Xantia V6 broken exhaust (update: and rough low rpm running)

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Mandrake
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Re: Xantia V6 broken exhaust (update: and rough low rpm runn

Post by Mandrake »

A bit confused by the listings I've found. My RPO is 7905 so I think this one is the correct one ?

http://www.ebay.co.uk/itm/GENUINE-PEUGE ... 4abe4eddad" onclick="window.open(this.href);return false;

It's not 100% clear to me whether that's the ECU coolant sensor or the gauge sensor...

This listing confuses me:

http://www.ebay.co.uk/itm/TEMPERATURE-S ... 3365e0f975" onclick="window.open(this.href);return false;

Is that the sensor for the gauge or ECU ? (The description claims both...) Or the wrong one entirely ?

addo
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Post by addo »

Brown is Bitron, Green is ECU water temp, Blue is dash water temp.

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Mandrake
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Re: Xantia V6 broken exhaust (update: and rough low rpm runn

Post by Mandrake »

Thanks Addo, I didn't realise there were three, I thought there was just the Green one for the ECU and a second one for the dashboard gauge. Where is the blue one located or is it fairly obvious with the infamous air filter box removed ?

My MAP sensor arrived yesterday but alas we were out for only 10 minutes during the delivery so I now won't be able to pick it up until monday...

In other news I did a lot of driving yesterday running the other half around probably over 50 miles and still no sign of gearbox groaning at all, in fact the gearbox was behaving itself quite well. =D> So I'm reasonably satisfied that cleaning the gearbox oil has made a massive improvement in the gearbox possibly to the point where there are no immediate concerns about its reliability or longevity...judging by the colour of the oil presented earlier in the thread it could possibly do with one more change maybe in a month or two to see how it's doing. So for the time being I consider the gearbox to be "fixed", or at least back to working as well as you would expect of an HP20 that has just passed 100k...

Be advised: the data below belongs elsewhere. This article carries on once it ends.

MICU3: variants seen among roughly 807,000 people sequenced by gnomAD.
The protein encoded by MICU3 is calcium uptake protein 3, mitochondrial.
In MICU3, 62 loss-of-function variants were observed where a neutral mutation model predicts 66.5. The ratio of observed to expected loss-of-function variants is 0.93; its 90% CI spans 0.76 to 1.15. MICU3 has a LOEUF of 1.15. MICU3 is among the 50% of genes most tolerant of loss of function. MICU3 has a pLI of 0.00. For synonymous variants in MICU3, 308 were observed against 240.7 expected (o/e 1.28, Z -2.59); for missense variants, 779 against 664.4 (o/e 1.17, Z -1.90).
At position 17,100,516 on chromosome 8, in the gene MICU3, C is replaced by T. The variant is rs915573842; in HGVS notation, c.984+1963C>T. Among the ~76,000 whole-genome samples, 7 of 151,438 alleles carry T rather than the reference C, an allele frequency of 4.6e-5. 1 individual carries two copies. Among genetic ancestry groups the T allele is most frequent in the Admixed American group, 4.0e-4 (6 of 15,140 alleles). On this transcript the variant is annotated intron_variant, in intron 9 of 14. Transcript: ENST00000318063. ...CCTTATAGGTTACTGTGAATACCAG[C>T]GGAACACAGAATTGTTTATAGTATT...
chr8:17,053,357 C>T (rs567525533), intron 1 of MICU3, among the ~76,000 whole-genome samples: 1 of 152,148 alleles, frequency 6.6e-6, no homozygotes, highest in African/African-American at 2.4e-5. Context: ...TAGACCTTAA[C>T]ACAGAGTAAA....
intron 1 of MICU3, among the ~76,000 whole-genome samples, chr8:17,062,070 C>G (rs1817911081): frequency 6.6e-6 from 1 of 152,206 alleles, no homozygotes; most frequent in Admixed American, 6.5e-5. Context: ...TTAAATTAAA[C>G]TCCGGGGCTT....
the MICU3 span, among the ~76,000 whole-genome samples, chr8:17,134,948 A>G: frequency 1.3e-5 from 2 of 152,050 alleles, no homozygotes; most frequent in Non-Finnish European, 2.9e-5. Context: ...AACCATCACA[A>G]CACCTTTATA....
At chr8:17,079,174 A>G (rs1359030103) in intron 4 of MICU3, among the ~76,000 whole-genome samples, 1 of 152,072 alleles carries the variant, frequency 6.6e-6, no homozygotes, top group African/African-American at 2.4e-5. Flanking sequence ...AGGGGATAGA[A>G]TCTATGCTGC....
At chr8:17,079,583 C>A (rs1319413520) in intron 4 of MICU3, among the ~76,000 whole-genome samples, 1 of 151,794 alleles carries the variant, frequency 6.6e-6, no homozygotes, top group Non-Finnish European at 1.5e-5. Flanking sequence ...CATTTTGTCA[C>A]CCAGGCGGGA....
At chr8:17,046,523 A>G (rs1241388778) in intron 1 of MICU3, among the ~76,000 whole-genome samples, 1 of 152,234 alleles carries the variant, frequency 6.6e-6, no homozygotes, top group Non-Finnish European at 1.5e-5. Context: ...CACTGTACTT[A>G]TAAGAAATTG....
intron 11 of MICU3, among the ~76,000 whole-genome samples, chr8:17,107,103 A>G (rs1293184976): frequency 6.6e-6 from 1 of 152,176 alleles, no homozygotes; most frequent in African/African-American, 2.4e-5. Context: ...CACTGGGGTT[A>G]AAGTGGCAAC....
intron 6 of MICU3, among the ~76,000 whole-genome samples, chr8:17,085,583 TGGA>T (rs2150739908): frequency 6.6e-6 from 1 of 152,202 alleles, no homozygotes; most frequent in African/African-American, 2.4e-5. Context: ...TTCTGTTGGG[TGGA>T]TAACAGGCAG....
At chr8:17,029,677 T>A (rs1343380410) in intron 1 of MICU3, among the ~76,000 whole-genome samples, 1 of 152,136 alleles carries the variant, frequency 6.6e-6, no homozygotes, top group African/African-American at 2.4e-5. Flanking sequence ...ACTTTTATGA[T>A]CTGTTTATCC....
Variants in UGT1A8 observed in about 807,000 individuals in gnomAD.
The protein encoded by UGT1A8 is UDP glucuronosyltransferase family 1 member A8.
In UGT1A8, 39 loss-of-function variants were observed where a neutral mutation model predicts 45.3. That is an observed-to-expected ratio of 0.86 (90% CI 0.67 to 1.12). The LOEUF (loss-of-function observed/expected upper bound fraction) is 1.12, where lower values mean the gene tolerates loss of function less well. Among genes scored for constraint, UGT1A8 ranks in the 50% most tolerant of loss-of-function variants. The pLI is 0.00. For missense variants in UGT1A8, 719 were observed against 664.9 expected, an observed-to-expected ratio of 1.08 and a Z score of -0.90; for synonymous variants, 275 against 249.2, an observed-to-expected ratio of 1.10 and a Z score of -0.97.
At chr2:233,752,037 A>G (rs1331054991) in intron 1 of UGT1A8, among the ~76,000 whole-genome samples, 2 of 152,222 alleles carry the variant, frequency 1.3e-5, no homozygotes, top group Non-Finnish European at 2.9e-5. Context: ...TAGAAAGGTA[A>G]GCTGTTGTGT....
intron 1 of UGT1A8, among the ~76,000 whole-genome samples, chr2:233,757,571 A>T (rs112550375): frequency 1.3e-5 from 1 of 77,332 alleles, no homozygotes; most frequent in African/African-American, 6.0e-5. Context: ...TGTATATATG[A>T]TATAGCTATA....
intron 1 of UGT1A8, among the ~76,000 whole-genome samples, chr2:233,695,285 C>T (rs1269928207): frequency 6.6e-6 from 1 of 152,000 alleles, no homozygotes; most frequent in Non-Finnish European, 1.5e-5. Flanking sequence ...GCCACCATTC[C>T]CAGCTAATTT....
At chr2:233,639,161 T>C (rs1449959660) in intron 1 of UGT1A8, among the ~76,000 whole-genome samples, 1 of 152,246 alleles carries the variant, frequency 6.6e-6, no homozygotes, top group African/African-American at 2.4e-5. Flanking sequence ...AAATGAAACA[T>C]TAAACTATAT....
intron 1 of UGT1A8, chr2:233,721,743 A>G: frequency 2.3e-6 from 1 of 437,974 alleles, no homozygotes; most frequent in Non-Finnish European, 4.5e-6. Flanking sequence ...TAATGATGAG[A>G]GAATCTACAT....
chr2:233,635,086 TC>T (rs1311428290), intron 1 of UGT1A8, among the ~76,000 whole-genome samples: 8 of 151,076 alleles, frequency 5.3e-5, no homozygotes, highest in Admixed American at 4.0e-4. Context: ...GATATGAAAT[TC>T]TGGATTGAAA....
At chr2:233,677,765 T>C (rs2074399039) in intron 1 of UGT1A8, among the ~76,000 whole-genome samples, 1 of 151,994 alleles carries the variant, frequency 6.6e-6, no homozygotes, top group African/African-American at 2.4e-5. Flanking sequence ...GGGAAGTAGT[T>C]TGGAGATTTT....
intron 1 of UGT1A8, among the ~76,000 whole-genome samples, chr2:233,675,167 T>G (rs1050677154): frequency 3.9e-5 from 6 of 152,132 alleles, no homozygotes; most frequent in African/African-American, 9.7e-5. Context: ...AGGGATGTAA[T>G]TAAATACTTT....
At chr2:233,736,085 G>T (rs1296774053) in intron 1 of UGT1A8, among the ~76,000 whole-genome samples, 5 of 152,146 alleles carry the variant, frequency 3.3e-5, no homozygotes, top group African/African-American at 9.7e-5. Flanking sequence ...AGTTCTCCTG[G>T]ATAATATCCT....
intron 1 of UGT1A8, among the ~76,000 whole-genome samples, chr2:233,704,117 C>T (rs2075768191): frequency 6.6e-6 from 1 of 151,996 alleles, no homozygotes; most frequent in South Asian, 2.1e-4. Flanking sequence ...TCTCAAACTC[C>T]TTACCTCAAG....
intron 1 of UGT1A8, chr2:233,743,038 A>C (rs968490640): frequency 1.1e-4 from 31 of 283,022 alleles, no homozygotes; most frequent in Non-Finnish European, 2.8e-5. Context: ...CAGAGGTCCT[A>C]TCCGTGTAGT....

Regarding the lack of engine performance I observed its behaviour carefully during all the driving yesterday and noticed some interesting things:

1) There is often quite a big time lag between sudden application of throttle and actual engine output power, as much as a half second to second delay. This doesn't just occur below 2000rpm (although it's worse the lower the RPM) it can occur as high as 3000rpm. So for example I could be in 1st gear in sport mode at about 2500rpm and I could then suddenly punch the throttle down 1/2 to 2/3rd throttle and instead of being instantaneously pressed back in my seat (which is what it was like when I first got the car) there is instantaneous induction noise (as you would expect from the butterfly being snapped open) but a good half second or more delay before there is any real power increase and maybe a second for the power to reach maximum power - there is this gradual ramp up in power instead of instantaneous response which makes the throttle feel very unresponsive.